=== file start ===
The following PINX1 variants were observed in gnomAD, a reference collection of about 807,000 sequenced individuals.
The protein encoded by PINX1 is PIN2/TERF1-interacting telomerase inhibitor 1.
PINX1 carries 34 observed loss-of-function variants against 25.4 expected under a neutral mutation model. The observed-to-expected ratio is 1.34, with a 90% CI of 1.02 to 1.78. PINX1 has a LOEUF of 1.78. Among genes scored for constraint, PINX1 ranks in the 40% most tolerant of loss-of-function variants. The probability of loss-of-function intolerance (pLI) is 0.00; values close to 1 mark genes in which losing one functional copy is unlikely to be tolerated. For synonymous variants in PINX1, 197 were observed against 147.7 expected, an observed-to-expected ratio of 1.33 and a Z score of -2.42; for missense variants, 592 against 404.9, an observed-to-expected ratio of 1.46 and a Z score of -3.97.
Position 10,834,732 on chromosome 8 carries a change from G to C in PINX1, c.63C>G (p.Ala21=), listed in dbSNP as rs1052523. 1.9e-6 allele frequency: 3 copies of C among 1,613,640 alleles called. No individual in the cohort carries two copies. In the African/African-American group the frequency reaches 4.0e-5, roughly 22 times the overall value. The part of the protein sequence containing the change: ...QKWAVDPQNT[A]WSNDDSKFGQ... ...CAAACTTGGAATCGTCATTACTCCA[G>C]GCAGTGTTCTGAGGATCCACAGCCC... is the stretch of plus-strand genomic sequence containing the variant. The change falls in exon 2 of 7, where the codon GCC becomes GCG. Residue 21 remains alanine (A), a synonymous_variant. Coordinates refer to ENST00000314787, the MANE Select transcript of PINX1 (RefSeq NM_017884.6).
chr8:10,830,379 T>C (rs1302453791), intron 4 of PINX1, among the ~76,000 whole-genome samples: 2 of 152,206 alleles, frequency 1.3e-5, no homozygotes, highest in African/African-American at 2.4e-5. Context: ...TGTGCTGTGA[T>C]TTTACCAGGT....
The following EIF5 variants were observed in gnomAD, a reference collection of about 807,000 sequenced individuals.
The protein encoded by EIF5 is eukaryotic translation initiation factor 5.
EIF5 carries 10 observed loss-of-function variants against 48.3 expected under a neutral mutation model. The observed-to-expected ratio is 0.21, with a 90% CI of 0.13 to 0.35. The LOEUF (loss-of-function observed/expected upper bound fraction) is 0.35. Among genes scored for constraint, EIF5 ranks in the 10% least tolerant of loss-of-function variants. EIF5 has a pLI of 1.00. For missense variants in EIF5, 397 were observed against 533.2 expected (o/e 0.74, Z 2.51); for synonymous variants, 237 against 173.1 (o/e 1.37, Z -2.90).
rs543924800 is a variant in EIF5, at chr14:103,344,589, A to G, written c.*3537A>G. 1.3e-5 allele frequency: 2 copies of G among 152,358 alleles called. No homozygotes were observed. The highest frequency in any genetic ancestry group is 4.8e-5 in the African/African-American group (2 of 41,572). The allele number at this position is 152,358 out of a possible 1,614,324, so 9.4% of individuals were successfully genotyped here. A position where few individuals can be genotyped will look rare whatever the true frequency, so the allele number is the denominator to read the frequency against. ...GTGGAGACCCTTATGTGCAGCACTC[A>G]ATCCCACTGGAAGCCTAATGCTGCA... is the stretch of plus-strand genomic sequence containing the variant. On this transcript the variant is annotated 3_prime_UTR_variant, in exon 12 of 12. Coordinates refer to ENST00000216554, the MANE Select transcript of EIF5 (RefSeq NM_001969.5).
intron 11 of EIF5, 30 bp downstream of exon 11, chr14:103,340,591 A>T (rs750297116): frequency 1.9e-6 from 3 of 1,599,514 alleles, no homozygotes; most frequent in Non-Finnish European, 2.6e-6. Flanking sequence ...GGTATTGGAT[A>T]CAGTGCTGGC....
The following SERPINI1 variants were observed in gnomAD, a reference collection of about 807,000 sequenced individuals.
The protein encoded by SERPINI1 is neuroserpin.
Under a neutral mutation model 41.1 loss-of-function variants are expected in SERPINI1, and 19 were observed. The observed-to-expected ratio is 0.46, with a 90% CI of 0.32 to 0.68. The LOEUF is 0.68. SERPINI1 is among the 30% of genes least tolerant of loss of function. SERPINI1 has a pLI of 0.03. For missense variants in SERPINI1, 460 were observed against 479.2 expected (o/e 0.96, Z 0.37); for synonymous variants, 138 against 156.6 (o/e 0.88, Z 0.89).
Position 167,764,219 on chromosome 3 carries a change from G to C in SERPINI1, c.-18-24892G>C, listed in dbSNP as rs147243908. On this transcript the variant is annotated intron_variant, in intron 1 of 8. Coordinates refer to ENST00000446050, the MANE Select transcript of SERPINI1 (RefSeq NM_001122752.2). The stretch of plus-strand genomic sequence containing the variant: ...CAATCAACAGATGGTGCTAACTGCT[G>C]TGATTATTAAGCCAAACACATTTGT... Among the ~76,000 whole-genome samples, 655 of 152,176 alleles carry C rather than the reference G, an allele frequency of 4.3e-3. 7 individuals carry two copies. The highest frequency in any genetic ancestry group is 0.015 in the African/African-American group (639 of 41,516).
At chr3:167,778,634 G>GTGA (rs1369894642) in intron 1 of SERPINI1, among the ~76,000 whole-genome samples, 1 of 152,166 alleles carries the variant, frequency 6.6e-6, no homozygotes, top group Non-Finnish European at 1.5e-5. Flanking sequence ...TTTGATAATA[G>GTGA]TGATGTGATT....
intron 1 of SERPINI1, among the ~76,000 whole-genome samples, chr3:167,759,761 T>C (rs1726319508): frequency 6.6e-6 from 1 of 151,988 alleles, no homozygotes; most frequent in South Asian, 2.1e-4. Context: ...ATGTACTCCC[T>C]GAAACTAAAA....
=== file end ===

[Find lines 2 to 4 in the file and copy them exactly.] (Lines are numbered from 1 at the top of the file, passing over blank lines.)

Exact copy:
The protein encoded by PINX1 is PIN2/TERF1-interacting telomerase inhibitor 1.
PINX1 carries 34 observed loss-of-function variants against 25.4 expected under a neutral mutation model. The observed-to-expected ratio is 1.34, with a 90% CI of 1.02 to 1.78. PINX1 has a LOEUF of 1.78. Among genes scored for constraint, PINX1 ranks in the 40% most tolerant of loss-of-function variants. The probability of loss-of-function intolerance (pLI) is 0.00; values close to 1 mark genes in which losing one functional copy is unlikely to be tolerated. For synonymous variants in PINX1, 197 were observed against 147.7 expected, an observed-to-expected ratio of 1.33 and a Z score of -2.42; for missense variants, 592 against 404.9, an observed-to-expected ratio of 1.46 and a Z score of -3.97.
Position 10,834,732 on chromosome 8 carries a change from G to C in PINX1, c.63C>G (p.Ala21=), listed in dbSNP as rs1052523. 1.9e-6 allele frequency: 3 copies of C among 1,613,640 alleles called. No individual in the cohort carries two copies. In the African/African-American group the frequency reaches 4.0e-5, roughly 22 times the overall value. The part of the protein sequence containing the change: ...QKWAVDPQNT[A]WSNDDSKFGQ... ...CAAACTTGGAATCGTCATTACTCCA[G>C]GCAGTGTTCTGAGGATCCACAGCCC... is the stretch of plus-strand genomic sequence containing the variant. The change falls in exon 2 of 7, where the codon GCC becomes GCG. Residue 21 remains alanine (A), a synonymous_variant. Coordinates refer to ENST00000314787, the MANE Select transcript of PINX1 (RefSeq NM_017884.6).